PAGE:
If Christchurch wants more outsider sympathy, how about facing reality and sell-off assets like the airport…..before you expect the taxpayer to fund your rebuild completely.
That reminds me of Doug Myers’ epithet of the “Peoples’ Republic of Christchurch” when he couldn’t swallow the fact that CCC-owned companies were run just as efficiently as privately held ones. I still have the T-shirt, so there.
Oh no Barnaby. You can't get away with describing Gerard's article as not being "negative about people outside of Christchurch." Comments such as "Aucklanders were just not interested" and "the Auckland-based networks were just not interested" are implicit in the disparaging negativity and xenophobia that themes the article. It's by no means the first time that Gerard's conspiracy-theories on the supposed uncaring attitudes within Auckland media have been aired.
And no fresh evidence will ever change that bias, that mantra.
Aucklanders do not comprise some uniquely, selfish tribe that has it in for Christchurch. Like the rest of the country, we are mostly consumed with our own issues, our own lives, our own debates. That is simply human nature, as flawed as it maybe.
To conclude as you do that I shamefully "consider it too much" for Christchurch to want "some autonomy and to be involved in the planning of their own city" is scurrilous fiction. Where did I suggest that?
On that subject, I'm aware that Cera for example and its CEO whom Gerard is a friend of has sought substantial input from locals.
Gerard also glosses over in his article very quickly the fact that Christchurch has its own local television channel but adds that "it's only watched by a small percentage of local households."
How come? Surely if Christchurch is unfairly starved by national television, I could assume that the locals would be watching CTV and the documentary series on the earthquakes that Gerard made in their droves.
Or are even Christchurch folk suffering their very own brand of earthquake fatigue?
As someone put it, if it felt this strong here, and it had been centred in Wellington, there’d be nothing left there but a huge hole in the ground.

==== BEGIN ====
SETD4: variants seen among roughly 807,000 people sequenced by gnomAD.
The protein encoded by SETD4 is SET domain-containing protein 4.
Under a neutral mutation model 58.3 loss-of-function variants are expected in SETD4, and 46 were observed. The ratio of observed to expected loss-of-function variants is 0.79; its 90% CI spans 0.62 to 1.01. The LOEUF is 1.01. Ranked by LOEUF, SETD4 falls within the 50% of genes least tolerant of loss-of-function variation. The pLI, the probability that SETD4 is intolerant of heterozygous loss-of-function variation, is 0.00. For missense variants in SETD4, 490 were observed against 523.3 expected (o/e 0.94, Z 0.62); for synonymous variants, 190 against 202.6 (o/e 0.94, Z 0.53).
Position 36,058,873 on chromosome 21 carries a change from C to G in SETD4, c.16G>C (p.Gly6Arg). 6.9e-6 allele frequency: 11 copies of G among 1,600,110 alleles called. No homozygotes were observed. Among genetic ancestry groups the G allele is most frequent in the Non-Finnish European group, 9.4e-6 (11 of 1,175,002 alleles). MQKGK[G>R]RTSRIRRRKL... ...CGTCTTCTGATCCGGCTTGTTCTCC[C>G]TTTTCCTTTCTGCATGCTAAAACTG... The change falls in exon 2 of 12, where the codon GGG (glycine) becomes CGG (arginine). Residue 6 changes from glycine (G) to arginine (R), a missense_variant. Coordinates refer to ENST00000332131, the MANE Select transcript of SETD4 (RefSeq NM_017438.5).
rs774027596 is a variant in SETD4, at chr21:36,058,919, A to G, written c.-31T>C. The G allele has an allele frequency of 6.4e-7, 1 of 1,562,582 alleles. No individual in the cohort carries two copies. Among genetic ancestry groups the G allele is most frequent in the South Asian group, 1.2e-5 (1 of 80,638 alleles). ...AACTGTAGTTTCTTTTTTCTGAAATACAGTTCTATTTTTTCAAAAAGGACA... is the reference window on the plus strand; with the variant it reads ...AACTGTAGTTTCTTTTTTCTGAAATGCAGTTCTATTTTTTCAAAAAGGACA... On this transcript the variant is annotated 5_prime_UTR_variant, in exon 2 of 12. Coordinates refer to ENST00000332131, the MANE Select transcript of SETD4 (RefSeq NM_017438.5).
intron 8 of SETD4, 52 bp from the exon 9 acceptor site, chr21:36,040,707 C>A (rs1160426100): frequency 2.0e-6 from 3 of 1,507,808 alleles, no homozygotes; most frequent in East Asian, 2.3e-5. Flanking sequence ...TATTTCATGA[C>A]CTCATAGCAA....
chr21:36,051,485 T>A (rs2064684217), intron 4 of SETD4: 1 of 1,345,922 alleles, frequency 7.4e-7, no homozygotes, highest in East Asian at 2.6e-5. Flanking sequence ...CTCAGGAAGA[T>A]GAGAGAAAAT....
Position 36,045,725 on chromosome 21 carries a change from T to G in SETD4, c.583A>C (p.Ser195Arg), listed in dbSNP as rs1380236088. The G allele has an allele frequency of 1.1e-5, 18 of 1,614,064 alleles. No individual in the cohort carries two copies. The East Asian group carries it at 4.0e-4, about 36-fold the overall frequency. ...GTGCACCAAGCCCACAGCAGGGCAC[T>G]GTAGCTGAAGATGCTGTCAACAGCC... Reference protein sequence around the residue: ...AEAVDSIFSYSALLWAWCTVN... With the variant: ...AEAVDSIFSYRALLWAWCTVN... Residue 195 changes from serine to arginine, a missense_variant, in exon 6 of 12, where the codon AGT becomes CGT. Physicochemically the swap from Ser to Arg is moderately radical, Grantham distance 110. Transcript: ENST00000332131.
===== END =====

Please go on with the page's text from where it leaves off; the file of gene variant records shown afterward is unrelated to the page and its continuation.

And still on Wellington, the public sector austerity hasn't won John Key many fans in the capital. And even then, given it hasn't saved all that much dosh, it's turned out to be less about austerity, and more about yes-men in high places.
Is an adult helping you with these zingers ?
or are you coming up with them on your own?
I can feel your stabby little finger from here...
but can live without the spittle.
Ok. The only point I've got time to reply with here is the idea that Roger Sutton and CERA have been looking to locals for information.
The complete lack of public input into the government led plan is a planning and governance disgrace. This is a multi-billion dollar and ten year or so programme of activity that has had no international peer review and no iterative input from the public and no public consultation. It includes the largest compulsory buy out of private land in modern history, and billions of dollars of expenditure with no public oversight or local input.
It's absolute rubbish to suggest they've asked for substantial input from locals, and illustrates how little you know about the situation down here.
Oh Ian. I must have struck a bigger chord than I dare imagined given the personal abuse you've resorted to.
It's called debate Ian. It's called an opposing view....which tends to break out in a democracy.
Don't feel so threatened Ian. Take a few deep breaths and put the vitriol aside.
Take a few deep breaths
and put the bitter troll aside.
knock yourself out...
I suspect Sweeping Generalisations would be your specialist topic on Mastermind Barnaby.
Answer the question......if Cantabrians are so ignored and publicity-starved in the media, why is the audience of your local channel, CTV, and the earthquake docos it has aired watched by such a pitifully-small audience.
I tried to write a reasoned response to your nit-picking post and your supremely patronising response to someone who is living through the Christchurch mess, but words failed me ...